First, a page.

How to Price Your Services: Are You Charging Enough?

When I was in college I ran a typing service. This was back when most people wrote rough drafts in longhand and typed the final drafts onto a computer…which usually required a walk down to the computer lab on campus.

I charged $1.50 a page which was pretty much beer money. I was an English major and most of the papers I typed were for business majors. The writing was atrocious: run on sentences, poor grammar, spelling errors, the works.

As I typed up the papers I would invariably fix some of the mistakes I saw…at least the most egregious ones. I know a number of business majors got better grades by hiring me to type their papers.

This was my mistake: in underestimating the value of my “value-added” work. If I could travel back in time I’d still offer $1.50 per page…as is. If you wanted your punctuation and grammar fixed that would be $2 a page. For $3 a page I’d tighten up your language, improve your grade, and you’d get into a better business school. (I’m not sure if that broke the college honor pledge, but until I get a working time machine I’ll table that concern. In fact, if I did get a working time machine, I’m not sure doubling my typing fees would be the most effective way for me to pay off the lease on my time machine.)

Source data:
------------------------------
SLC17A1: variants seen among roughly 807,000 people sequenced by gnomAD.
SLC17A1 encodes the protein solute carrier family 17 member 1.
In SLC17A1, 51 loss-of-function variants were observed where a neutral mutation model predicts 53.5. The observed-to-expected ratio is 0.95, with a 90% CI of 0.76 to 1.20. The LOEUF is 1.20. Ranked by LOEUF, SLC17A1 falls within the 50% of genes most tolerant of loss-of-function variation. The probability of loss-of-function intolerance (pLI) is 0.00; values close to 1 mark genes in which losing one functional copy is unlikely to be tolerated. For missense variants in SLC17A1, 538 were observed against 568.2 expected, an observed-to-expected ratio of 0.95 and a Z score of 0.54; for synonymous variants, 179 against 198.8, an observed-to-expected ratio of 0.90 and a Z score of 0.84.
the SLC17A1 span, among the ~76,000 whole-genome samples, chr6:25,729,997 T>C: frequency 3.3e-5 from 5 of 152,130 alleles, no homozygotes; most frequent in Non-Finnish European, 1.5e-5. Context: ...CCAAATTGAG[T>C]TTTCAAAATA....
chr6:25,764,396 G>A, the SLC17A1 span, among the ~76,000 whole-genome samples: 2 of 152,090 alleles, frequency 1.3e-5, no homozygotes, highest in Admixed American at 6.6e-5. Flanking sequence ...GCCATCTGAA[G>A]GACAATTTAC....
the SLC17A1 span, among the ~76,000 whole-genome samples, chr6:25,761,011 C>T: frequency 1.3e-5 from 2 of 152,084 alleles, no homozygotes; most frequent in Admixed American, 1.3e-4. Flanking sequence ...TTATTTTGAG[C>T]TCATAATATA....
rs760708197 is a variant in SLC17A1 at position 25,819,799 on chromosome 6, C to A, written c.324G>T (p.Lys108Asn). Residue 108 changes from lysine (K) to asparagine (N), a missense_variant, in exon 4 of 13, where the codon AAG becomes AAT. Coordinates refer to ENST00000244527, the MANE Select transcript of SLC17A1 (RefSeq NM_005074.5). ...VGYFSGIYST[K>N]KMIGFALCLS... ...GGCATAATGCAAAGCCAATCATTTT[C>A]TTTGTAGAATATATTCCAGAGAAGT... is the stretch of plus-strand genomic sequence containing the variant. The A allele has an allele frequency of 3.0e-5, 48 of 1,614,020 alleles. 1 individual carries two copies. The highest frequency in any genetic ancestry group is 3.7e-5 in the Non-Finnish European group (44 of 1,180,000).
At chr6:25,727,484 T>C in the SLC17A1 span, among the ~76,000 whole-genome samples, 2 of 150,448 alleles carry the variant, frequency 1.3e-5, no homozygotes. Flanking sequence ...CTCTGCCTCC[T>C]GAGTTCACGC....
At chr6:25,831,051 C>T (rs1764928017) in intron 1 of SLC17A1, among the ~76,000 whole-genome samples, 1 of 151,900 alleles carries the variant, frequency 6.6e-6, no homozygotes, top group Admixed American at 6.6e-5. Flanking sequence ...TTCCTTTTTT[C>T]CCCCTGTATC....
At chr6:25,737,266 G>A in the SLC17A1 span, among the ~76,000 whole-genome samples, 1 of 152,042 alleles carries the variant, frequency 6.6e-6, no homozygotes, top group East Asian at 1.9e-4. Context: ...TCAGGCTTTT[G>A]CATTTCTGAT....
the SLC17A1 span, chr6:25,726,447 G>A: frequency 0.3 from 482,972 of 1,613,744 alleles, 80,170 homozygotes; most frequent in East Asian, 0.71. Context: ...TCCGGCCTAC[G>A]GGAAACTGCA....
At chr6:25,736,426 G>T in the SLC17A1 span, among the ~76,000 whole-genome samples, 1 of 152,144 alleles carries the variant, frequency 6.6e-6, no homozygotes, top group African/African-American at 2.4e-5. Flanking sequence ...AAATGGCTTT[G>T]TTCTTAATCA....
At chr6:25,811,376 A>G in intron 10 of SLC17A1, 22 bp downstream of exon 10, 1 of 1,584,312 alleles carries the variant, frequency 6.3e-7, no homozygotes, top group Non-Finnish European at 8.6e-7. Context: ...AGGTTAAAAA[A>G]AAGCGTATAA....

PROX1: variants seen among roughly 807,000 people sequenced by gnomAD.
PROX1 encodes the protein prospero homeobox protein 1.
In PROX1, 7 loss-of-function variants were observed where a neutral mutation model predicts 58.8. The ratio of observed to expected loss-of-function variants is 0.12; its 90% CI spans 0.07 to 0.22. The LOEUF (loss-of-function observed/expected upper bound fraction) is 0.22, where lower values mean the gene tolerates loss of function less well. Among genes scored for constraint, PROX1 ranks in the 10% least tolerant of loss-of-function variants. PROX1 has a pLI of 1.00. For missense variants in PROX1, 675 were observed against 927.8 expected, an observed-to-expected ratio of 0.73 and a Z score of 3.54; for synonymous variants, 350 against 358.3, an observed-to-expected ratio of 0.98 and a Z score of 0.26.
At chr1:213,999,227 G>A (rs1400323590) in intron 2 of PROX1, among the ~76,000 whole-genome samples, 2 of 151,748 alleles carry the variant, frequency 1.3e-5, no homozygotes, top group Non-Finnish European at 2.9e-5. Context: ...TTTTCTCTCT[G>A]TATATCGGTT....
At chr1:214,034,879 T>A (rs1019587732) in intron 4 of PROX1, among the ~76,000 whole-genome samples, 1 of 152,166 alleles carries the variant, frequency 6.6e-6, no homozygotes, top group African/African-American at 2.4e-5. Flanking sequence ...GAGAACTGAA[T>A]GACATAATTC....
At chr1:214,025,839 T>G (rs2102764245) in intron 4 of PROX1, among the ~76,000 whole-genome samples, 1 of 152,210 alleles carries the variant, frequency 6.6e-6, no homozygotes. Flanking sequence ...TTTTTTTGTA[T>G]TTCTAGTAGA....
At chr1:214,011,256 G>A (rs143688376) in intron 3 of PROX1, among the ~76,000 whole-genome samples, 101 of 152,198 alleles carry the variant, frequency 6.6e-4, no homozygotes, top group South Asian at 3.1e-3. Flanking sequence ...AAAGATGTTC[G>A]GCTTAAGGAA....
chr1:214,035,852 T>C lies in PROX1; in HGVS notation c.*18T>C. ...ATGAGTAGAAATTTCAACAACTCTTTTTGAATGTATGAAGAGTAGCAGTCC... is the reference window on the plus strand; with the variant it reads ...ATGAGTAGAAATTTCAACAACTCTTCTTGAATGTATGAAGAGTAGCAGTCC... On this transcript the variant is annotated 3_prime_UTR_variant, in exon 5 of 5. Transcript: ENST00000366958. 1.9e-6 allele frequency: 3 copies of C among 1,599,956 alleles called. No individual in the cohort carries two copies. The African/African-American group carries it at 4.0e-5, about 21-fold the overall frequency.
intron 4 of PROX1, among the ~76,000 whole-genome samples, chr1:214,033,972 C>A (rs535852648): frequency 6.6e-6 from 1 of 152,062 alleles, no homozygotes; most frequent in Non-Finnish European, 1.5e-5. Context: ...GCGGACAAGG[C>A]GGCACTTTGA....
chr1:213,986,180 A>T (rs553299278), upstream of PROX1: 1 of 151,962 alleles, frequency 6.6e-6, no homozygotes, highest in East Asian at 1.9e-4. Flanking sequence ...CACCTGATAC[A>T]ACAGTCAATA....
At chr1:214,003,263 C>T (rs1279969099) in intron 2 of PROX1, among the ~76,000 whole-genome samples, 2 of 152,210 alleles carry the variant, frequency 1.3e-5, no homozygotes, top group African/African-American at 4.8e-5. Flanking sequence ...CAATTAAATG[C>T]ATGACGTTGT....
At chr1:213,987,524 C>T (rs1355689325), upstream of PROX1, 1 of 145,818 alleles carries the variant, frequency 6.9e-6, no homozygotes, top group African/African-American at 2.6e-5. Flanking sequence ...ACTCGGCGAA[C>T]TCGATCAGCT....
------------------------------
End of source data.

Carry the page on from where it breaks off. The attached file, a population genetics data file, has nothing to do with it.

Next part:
In any case, admission to a better business school is well worth the extra $1.50/page.

We often undervalue what we have to offer, or don’t include a value-add option. Instead, we commodicize our offerings. There were plenty of other competing typing services from other Skidmore students, and I was charging just about the same fee. Although fixing grammar mistakes seemed effortless to me, it was obviously difficult for many of my customers, and had value for them.

What added value can you include in your services, and what value does it hold for your customers?

Rich Brooks
60 Words a Minute Man

Photo credit: Orange Acid